Wasn’t there a time in America when the good people who represent us in Congress could lay aside political differences and do serious public policy when the nation faced emergency? Wouldn’t you say that the worst U.S. drought since the 1950s might be just such an emergency?
Leaders in the U.S. House of Representatives think differently. The latest proposal is to lay aside the Senate Farm Bill (passed) and the House Farm Bill (through committee) and just extend the current law. Here’s what National Farmers Union President Roger Johnson said today on the subject:
“National Farmers Union stands opposed to the one-year extension of the 2008 Farm Bill. We would support an extension only if the next step is to conference a comprehensive five-year farm bill before the Sept. 30 expiration date.
“An extension that ignores the goal of a five-year bill merely kicks the can down the road, as we are faced with uncertainty about next year’s budget. A one-year extension would also necessitate starting the farm bill drafting process over in the new Congress in January. House leadership needs to stop playing political games and show it values rural America, and pass a farm bill now.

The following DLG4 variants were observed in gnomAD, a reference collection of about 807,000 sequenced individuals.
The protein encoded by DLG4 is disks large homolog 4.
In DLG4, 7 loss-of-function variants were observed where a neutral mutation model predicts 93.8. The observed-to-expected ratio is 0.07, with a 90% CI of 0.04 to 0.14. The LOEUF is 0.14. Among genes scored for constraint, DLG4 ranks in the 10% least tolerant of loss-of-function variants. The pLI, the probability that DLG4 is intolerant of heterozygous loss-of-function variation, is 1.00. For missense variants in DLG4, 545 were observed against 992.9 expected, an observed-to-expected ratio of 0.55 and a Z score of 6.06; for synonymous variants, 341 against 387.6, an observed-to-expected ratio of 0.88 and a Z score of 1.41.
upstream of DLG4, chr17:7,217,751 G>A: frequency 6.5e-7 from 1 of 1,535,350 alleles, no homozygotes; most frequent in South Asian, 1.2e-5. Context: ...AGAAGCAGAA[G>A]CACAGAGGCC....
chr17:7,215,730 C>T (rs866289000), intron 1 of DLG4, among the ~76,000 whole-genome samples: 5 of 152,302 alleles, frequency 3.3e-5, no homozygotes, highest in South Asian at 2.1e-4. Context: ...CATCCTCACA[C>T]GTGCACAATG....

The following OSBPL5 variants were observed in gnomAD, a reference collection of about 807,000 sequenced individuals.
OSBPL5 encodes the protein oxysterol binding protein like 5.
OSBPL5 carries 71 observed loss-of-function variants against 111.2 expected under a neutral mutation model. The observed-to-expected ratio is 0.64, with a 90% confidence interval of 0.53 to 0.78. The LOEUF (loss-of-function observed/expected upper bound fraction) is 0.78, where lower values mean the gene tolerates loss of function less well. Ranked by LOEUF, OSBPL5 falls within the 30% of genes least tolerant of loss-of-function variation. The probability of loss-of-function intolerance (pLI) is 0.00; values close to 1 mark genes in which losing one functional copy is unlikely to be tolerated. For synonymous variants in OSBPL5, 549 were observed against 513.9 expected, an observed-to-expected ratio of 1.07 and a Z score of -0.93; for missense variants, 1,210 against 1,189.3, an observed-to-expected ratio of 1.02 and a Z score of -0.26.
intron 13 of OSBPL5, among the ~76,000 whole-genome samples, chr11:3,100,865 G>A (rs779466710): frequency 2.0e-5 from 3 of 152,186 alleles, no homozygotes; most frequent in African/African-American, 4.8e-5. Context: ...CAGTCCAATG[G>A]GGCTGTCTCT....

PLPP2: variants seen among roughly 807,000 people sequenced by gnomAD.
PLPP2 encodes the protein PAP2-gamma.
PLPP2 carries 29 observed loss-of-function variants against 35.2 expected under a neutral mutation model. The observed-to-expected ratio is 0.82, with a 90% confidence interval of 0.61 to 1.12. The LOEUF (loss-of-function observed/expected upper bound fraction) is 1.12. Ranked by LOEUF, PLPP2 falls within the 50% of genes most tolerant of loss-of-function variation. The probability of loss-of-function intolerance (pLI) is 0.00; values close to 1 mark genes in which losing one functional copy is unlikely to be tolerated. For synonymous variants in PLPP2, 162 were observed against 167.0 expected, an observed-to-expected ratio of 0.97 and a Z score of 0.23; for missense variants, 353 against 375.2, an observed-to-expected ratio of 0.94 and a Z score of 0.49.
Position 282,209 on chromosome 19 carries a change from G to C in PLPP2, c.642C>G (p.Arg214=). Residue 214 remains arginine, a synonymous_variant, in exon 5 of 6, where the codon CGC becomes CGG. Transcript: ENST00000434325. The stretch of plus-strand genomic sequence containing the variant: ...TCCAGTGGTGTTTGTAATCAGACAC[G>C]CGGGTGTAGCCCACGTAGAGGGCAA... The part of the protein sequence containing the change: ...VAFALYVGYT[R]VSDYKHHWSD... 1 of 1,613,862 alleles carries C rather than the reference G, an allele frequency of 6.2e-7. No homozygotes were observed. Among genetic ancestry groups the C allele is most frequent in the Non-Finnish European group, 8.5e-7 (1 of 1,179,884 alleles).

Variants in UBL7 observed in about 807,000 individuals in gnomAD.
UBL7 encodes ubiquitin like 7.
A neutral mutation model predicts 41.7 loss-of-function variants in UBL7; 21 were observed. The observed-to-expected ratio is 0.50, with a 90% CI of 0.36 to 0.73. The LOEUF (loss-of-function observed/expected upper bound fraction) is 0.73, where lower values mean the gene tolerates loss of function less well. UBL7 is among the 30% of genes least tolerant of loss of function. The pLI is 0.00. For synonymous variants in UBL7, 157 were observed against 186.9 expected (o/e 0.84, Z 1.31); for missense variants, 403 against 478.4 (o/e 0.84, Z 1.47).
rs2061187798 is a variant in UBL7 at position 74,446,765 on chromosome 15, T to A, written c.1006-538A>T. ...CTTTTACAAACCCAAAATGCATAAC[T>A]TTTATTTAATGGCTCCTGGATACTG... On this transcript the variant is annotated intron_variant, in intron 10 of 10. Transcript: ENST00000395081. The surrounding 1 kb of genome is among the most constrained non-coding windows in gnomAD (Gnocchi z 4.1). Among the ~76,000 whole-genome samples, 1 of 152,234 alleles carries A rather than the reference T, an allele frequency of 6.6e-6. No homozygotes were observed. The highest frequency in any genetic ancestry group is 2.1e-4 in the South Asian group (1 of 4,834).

“The conservation title is one of the few titles that, since last December, most stakeholders have agreed on. It provides the needed programs for good conservation practices. However, the House one-year extension cuts the one title that had the most agreement among all parties. It also cuts mandatory funding from vital beginning farmer and rancher, renewable energy and direct-to-consumer marketing programs.
“As the drought wreaks havoc across the nation, our farmers and livestock producers are looking for relief and certainty. It is critical that permanent disaster programs be approved retroactively to cover losses incurred in 2012. Our farmers and ranchers are facing a rough harvest and barren pastures; further delays will have a huge impact on the U.S. agriculture industry.
“We commend the Senate Ag Committee, and the entire Senate, for taking swift action on the farm bill and now look to the House to follow suit. The clock is ticking, and this extension is just wasting time that could be spent on passing a bipartisan, forward-looking bill before the Sept. 30 deadline.”
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